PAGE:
Word of the Week: ‘un moulin à paroles’ 

Today, I’ve chosen ‘un moulin à paroles’ for the Word of the Week simply because talking, along with eating, is one of my favourite things. 

Check out more language posts here, and for more Word of the Week posts, why not have a look here

Word of the Week:

‘Un moulin à paroles’. 

How to pronounce it:

Uhn moo-lahn ah pah-roll. 

What it means in English:

Literally meaning ‘word mill’, this translates into English as ‘chatterbox’. 

Where does it come from?

It started to be used in French as early as the mid-seventeenth century as another way of describing people’s tongues, as it helps people to produce sounds and words.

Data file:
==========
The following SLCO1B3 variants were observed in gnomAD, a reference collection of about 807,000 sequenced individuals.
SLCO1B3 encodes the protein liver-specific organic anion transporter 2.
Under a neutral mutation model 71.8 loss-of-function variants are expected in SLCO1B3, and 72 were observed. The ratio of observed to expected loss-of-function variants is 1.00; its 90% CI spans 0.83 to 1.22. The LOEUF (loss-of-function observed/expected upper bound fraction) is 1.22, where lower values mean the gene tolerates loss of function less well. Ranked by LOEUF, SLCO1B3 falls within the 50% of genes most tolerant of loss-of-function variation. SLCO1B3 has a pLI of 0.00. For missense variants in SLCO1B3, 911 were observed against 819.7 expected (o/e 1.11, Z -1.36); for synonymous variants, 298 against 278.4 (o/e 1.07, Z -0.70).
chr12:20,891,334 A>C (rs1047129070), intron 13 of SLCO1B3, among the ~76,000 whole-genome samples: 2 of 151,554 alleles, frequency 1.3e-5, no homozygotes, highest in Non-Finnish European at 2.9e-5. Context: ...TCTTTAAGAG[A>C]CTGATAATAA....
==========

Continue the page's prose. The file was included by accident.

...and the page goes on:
It was only in the second half of the eighteenth century that ‘un moulin à paroles’ began to be used to describe someone who was particularly talkative. 

How to use it in a sentence:

‘Il est très bavard, c’est un vrai moulin à paroles.’   

English translation:

‘He’s very talkative – a real chatterbox.’ 

Similar words:

To talk = Bavarder

To chat = Causer

To chat = Papoter (informal) 

What about you?  

What do you think of these words, and do you have any other favourite French expressions? 


One Comment Add yours

  1. Rosie says:

    I remember coming across this expression at the start of the year, when I was teaching English idioms to my postgraduates – I found the mental image of a chatty windmill absolutely hilarious! Good choice 🙂


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